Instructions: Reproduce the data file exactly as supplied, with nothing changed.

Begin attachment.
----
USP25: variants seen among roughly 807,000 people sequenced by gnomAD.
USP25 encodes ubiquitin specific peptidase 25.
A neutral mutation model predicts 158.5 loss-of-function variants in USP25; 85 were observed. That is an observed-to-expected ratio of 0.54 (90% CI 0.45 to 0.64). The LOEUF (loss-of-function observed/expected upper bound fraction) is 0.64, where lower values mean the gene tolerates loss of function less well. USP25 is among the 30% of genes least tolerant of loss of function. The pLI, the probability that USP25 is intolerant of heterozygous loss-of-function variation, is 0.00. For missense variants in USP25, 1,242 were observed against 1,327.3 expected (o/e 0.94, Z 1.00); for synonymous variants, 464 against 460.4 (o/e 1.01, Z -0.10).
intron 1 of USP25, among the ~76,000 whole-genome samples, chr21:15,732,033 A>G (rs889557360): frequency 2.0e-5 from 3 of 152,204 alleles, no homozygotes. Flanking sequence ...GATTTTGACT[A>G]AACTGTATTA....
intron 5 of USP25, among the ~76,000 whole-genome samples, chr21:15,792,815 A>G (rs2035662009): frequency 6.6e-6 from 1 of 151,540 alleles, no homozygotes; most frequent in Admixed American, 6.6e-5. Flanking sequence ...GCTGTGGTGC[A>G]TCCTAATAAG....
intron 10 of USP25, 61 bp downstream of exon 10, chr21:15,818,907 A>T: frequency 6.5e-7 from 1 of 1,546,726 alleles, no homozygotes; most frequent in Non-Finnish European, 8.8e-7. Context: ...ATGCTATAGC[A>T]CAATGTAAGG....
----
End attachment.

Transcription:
USP25: variants seen among roughly 807,000 people sequenced by gnomAD.
USP25 encodes ubiquitin specific peptidase 25.
A neutral mutation model predicts 158.5 loss-of-function variants in USP25; 85 were observed. That is an observed-to-expected ratio of 0.54 (90% CI 0.45 to 0.64). The LOEUF (loss-of-function observed/expected upper bound fraction) is 0.64, where lower values mean the gene tolerates loss of function less well. USP25 is among the 30% of genes least tolerant of loss of function. The pLI, the probability that USP25 is intolerant of heterozygous loss-of-function variation, is 0.00. For missense variants in USP25, 1,242 were observed against 1,327.3 expected (o/e 0.94, Z 1.00); for synonymous variants, 464 against 460.4 (o/e 1.01, Z -0.10).
intron 1 of USP25, among the ~76,000 whole-genome samples, chr21:15,732,033 A>G (rs889557360): frequency 2.0e-5 from 3 of 152,204 alleles, no homozygotes. Flanking sequence ...GATTTTGACT[A>G]AACTGTATTA....
intron 5 of USP25, among the ~76,000 whole-genome samples, chr21:15,792,815 A>G (rs2035662009): frequency 6.6e-6 from 1 of 151,540 alleles, no homozygotes; most frequent in Admixed American, 6.6e-5. Flanking sequence ...GCTGTGGTGC[A>G]TCCTAATAAG....
intron 10 of USP25, 61 bp downstream of exon 10, chr21:15,818,907 A>T: frequency 6.5e-7 from 1 of 1,546,726 alleles, no homozygotes; most frequent in Non-Finnish European, 8.8e-7. Context: ...ATGCTATAGC[A>T]CAATGTAAGG....